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got reviews and mentions
Show HN: A version control system based on rsync
I've not heard the term "probabilistic tree" and I've having difficulty pulling up references. I suspect it's implemented by subpackage ptree. Do you have resources on what makes probabilistic trees different from hash tables?
Sure, Git stores data in a trie. Each file is one blob identified by hash, and directories (called trees in Git) are blobs where each line is a directory entry with a name and the hash of a file or another tree. This means that modifying an object /down/a/long/path/like/this.txt has to create copies of all the trees on the way up. The technical term for this is "write amplification", and in Git it is affected by path length among other things.
Got stores paths in a probabilistic tree (GotKV). The number of nodes before you get to data will scale logarithmically with the size of the entire filesystem, not the depth of a specific object.
Then there is the issue of large files. A file in Git is always 1 blob. Syncing a large file is not easy because if you are interrupted and have to restart, you have lost all your progress. You can't verify the hash of a blob until you have the whole thing. Got has a maximum blob size, so you'll only be buffering <2MB at a time before you can verify that the blob is correct. If a transfer is interrupted, the most you'll have to repeat is one blobs worth, plus any tree nodes above that blob.
Compared to rsync, Got uses variable size chunks and a faster content defined chunking algorithm, recently featured here on HN. I haven't thought about if variable vs fixed chunks is better for file transfer, but for version control, the higher chance of convergence is important. It means you have better deduplication.
This is a very similar to one of my projects "Got".
The algorithms it uses are superior to rsync and git in a few ways. It comes short on features, especially for software development compared to Git. The motivation is more for personal file storage.
I notice you're using Go and AGPL licensed, so you could borrow any of Got's libraries without issue. (Got is GPL licensed.) Definitely reach out in a GitHub issue.
CDC File Transfer
11 projects | news.ycombinator.com | 8 Jan 2023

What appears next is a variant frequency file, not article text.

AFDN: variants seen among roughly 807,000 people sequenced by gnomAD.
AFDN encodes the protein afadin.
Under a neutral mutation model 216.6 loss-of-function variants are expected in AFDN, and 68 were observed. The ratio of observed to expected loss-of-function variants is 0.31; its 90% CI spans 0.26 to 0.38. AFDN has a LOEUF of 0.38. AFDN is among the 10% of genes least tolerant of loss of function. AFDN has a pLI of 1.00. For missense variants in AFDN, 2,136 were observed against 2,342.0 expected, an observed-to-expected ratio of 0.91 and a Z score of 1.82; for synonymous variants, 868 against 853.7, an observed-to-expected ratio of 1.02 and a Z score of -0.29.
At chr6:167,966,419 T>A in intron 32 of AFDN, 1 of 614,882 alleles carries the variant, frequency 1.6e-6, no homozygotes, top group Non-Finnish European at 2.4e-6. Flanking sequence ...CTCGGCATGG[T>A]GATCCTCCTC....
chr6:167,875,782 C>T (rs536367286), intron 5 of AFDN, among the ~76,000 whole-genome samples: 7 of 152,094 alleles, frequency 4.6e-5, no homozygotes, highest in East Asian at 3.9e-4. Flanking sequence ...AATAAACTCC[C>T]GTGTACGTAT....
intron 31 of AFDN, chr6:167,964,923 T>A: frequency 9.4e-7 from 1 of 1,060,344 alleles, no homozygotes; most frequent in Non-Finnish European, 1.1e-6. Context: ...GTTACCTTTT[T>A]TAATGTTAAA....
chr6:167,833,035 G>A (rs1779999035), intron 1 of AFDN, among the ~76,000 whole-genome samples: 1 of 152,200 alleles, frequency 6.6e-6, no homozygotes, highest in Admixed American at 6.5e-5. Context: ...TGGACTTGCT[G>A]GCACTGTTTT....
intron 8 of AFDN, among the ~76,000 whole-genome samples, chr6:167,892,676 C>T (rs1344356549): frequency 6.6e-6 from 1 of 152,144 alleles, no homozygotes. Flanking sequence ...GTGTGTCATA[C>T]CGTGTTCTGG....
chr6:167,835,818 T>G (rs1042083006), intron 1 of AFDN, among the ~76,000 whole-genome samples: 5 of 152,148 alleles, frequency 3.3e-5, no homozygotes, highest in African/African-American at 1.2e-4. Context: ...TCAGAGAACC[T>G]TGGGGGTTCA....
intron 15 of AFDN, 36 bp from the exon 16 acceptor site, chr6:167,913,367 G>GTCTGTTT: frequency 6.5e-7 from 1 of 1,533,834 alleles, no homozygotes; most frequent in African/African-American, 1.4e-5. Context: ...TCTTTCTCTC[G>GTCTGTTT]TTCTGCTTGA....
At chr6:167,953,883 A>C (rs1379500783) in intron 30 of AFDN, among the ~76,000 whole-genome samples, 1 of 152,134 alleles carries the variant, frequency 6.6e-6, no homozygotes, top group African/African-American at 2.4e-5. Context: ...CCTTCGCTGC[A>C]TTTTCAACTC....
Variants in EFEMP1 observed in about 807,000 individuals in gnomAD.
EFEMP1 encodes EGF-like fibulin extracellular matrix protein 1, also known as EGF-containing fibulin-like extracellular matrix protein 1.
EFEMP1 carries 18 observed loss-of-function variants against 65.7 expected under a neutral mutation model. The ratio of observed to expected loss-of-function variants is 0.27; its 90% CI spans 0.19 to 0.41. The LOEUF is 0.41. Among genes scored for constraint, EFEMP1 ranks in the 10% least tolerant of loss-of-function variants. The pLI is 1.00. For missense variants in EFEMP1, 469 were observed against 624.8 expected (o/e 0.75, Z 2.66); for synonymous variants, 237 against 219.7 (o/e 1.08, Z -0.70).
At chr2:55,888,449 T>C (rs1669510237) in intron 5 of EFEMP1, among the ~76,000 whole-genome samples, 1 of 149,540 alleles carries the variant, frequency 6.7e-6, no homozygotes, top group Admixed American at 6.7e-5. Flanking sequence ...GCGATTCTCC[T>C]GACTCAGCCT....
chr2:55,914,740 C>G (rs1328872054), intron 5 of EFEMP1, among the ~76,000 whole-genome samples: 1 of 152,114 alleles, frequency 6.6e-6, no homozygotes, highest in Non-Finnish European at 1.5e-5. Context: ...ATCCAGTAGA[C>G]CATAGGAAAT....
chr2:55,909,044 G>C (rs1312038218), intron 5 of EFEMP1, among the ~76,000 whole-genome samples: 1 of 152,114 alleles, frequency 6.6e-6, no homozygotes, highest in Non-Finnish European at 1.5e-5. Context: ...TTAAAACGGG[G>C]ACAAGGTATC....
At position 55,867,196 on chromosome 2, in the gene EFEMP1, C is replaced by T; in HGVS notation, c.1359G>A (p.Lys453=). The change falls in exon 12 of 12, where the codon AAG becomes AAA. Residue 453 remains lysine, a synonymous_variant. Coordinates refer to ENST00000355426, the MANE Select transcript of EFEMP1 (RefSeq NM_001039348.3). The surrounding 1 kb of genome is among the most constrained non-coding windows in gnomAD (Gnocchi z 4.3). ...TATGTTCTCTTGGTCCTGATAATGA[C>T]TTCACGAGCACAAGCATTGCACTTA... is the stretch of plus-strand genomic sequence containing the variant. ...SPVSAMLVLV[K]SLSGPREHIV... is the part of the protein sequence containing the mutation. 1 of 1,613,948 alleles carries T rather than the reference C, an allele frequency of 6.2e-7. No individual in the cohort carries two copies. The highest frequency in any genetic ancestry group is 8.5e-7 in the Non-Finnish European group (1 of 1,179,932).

FastCDC is the same chunking algorithm used in Got.
SourceHut terms of service updates, cryptocurrency projects to be removed
2 projects | news.ycombinator.com | 31 Oct 2022
Thanks for sharing RocketGit. This is the first time I've heard of it, and yes, it does look like a cool copyleft solution to self-hosted Git.
Another interesting option is Brendan Caroll's got, which allows sharing of repositories over INET256. I'm sure there are other P2P approaches to Git, but this one just piqued my interest. Unfortunately it has a naming conflict with OpenBSD's Game of Trees.
Show HN: Encrypted Git hosting should be easy
5 projects | news.ycombinator.com | 31 Aug 2022
I work on a project which solves a similar use case.
Got also does E2EE encryption, but it can additionally encrypt branch names from remote servers.
What Comes After Git
13 projects | news.ycombinator.com | 4 Jul 2022
I've been working on a project "Got". Which deals with the LFS problem, mentioned in the post.
Got isn't really trying to do software version control better than Git. It's trying to make general purpose file versioning practical, with a workflow similar to Git's.
Show HN: Let's build an end-to-end encrypted data store
2 projects | news.ycombinator.com | 17 Jun 2022
In the same space is the key-value store underlying Got: GotKV. https://github.com/gotvc/got/tree/master/pkg/gotkv
It stores encrypted blobs in any content-addressed store, and provides a copy-on-write key-value store API.
Show HN: Got is like Git, but with an 'o'
3 projects | news.ycombinator.com | 20 Dec 2021
A note from our sponsor - InfluxDB
www.influxdata.com | 6 Jun 2023
gotvc/got is an open source project licensed under GNU General Public License v3.0 only which is an OSI approved license.
The primary programming language of got is Go.